|Genre||Short Story (57 pp.)|
|Keywords||Body Self-Image, Cancer, Children, Communication, Disease and Health, Family Relationships, Grief, Individuality, Loneliness, Memory, Nature, Religion, Spirituality, Suffering, Survival, Time|
Although doctors have told her that things will get better, Jyl’s odds of surviving cancer are only five percent. She lives alone in a mountain cabin and receives cancer treatments at the hospital in town. She sleeps much of the day. “Her intestines had been scalded, cauterized as if by volcanic flow” [p 67], and Jyl continues to experience problem with digestion. She feels fatigued and is easily short of breath.
Her closest neighbors are the Workman’s, a Christian fundamentalist family of seven. They live miles away in a mountain valley near the creek. Without telephone, electricity, or indoor plumbing, they live off the land and toil day and night. Jyl starts carving small boats toting messages to send down the creek for the Workman children to find. Soon 15-year-old Stephan and 7-year-old Shayna visit Jyl. The two children bring her food that the Workman’s have hunted and gathered. They cut and stack firewood for the recluse. Jyl teaches them about geology and gives them small gemstones that her father had collected. The children’s visits revitalize the ill woman.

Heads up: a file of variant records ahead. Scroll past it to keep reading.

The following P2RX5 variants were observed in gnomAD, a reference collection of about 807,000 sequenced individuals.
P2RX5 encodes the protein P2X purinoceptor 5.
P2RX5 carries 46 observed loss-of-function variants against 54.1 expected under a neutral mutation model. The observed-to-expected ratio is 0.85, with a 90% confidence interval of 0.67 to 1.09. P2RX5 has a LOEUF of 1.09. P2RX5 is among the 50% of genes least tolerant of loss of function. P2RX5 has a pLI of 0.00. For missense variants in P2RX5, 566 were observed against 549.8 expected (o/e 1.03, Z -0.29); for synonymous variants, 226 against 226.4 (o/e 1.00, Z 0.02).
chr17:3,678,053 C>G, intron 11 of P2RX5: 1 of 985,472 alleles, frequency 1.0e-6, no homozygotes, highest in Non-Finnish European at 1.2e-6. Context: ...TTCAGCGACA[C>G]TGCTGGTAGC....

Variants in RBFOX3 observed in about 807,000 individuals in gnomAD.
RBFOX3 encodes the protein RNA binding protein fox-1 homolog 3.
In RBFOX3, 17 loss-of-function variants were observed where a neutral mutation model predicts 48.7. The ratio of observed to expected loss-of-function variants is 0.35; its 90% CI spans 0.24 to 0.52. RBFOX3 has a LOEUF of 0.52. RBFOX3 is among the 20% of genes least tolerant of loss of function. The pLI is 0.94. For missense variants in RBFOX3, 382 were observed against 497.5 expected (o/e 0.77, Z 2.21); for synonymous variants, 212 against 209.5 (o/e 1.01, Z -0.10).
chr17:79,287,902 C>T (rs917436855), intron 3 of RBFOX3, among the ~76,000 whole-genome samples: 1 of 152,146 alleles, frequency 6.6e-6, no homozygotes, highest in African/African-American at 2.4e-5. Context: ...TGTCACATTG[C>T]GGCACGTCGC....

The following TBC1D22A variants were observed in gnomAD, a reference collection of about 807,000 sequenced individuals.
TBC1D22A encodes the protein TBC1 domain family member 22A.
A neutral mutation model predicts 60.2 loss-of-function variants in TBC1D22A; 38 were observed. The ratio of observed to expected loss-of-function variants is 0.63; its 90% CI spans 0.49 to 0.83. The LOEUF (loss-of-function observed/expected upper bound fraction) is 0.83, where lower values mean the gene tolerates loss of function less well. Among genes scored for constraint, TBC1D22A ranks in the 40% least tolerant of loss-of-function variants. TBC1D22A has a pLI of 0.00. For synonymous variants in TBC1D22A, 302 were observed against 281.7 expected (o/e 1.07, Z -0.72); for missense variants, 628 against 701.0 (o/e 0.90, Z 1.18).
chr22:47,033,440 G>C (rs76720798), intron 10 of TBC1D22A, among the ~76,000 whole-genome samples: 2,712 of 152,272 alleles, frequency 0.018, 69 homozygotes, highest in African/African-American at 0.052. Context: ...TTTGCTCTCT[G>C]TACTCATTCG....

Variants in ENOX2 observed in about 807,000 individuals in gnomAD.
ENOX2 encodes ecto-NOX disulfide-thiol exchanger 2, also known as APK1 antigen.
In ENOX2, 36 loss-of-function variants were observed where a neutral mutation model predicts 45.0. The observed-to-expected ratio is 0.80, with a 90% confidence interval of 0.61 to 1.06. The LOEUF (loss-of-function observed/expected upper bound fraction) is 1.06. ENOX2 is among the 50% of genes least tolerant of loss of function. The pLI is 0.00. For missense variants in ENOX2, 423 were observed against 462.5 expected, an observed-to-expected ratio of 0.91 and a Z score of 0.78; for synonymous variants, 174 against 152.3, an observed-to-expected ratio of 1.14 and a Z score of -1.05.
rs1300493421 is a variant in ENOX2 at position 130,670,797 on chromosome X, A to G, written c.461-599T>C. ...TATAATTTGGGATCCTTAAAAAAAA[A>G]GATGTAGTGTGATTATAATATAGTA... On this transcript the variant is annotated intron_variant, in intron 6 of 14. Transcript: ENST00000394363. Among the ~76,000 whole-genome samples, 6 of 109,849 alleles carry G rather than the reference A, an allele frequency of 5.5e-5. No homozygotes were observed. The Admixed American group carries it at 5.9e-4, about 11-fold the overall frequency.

When Stephan and Shayna do not return to see her, Jyl is overcome by loneliness. She acknowledges that being alone is far worse than any aspect of her disease and treatment. Jyl makes the difficult trek to the Workman’s property to call on the children but finds that the place is deserted. Nothing remains in their boarded-up cabin except a stack of the small boats that she had crafted. Jyl sits outside their cabin and cries. The falling snow and silence envelop everything.
The story spotlights the loneliness associated with serious illness. It also underscores the dependence of human beings on one another and on nature. Work is depicted as a fundamental activity providing purpose, sustenance, and escape. It is even a kind of religion for some people.
What is elemental? Beyond the obvious answers – rocks, water, and energy – this moving story suggests that human contact and the will to survive also belong in that category.
|Source||The Lives of Rocks (pp 67-123)|
|Place Published||Boston & New York|
|Alternate Source||Zoetrope, Volume 9, Number 1 (Spring, 2005)|
|Annotated by||Miksanek, Tony|
|Date of Entry||01/16/07|